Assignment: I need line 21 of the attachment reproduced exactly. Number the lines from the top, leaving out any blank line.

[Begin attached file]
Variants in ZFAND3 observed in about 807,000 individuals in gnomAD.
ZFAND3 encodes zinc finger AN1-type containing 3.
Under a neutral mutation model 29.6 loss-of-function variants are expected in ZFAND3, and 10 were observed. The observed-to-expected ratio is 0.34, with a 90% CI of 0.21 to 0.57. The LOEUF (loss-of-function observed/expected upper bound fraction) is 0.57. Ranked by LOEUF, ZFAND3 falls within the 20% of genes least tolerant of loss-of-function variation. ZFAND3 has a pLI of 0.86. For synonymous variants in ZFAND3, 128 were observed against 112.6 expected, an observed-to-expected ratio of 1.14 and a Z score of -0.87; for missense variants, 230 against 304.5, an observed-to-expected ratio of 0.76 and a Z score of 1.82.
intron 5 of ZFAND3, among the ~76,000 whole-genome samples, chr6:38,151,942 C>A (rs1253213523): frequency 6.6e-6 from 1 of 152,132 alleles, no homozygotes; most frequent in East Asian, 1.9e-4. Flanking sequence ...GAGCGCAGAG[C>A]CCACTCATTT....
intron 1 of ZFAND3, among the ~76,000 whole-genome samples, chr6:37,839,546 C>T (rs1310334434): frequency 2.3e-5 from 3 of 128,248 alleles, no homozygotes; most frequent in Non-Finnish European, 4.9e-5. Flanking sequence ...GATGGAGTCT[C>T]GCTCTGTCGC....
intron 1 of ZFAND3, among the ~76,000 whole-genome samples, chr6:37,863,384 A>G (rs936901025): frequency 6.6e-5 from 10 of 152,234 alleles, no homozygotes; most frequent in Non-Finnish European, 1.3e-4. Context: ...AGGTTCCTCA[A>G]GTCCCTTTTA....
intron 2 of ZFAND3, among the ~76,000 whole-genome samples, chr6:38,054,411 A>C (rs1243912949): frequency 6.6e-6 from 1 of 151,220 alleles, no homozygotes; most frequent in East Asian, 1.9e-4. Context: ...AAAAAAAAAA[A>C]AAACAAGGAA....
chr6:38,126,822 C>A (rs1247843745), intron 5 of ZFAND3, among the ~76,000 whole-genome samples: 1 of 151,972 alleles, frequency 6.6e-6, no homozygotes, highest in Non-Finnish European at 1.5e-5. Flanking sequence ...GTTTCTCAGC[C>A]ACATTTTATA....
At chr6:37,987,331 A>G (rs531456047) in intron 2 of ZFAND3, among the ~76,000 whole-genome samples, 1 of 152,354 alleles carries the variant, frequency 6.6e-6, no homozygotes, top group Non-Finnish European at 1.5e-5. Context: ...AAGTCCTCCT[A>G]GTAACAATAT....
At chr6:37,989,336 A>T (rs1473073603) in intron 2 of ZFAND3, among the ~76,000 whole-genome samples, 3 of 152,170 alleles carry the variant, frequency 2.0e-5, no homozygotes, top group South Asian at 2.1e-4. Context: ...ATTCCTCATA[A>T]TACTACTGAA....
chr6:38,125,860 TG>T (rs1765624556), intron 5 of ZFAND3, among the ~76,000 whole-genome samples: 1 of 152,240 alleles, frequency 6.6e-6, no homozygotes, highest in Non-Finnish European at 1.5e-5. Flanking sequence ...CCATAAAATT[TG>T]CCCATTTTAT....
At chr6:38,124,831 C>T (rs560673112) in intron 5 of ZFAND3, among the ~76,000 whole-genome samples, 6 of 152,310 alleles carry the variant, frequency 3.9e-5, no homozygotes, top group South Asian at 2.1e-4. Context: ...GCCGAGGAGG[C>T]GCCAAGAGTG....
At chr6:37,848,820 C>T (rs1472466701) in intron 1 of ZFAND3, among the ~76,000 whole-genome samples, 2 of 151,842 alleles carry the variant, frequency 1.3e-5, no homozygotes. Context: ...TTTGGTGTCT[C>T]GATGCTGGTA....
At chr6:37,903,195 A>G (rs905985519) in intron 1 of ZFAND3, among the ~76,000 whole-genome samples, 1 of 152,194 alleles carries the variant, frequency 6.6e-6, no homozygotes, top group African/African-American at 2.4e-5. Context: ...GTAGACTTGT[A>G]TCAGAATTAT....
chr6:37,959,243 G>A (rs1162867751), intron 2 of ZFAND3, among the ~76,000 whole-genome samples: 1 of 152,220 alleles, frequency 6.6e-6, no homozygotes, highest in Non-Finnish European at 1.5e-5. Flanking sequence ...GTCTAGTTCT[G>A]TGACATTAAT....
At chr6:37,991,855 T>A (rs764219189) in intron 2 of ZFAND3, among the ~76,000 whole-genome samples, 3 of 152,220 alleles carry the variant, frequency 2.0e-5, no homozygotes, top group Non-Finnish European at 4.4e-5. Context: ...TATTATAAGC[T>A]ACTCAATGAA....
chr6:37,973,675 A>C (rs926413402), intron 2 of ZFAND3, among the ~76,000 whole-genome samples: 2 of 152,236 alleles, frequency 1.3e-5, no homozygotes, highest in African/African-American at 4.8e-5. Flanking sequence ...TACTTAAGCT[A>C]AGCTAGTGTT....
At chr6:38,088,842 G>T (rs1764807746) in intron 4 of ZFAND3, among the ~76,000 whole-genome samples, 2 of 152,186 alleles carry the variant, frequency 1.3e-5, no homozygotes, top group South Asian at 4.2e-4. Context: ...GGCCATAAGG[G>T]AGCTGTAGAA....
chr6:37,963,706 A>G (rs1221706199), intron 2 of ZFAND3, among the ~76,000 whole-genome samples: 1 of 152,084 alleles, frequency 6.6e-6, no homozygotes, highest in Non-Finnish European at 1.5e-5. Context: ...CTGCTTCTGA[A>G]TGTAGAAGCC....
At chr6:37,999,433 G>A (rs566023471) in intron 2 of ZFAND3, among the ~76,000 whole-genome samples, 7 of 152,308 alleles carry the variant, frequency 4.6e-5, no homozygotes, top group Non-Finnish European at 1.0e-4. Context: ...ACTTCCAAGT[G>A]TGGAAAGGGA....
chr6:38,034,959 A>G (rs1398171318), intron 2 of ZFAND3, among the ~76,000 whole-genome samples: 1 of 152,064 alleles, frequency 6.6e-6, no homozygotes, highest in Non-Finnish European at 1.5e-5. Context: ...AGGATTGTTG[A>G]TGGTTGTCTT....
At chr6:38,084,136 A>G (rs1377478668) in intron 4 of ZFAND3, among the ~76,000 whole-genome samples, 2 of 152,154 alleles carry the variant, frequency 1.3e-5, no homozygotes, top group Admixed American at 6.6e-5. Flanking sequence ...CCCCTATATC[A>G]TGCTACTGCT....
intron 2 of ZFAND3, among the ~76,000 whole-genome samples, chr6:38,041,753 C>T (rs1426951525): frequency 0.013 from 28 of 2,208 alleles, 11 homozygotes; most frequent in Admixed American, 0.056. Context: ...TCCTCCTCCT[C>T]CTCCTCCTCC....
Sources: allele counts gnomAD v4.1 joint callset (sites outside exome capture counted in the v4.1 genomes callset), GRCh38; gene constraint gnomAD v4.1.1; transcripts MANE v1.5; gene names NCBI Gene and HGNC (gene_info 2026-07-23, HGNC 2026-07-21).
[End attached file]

chr6:38,034,959 A>G (rs1398171318), intron 2 of ZFAND3, among the ~76,000 whole-genome samples: 1 of 152,064 alleles, frequency 6.6e-6, no homozygotes, highest in Non-Finnish European at 1.5e-5. Context: ...AGGATTGTTG[A>G]TGGTTGTCTT....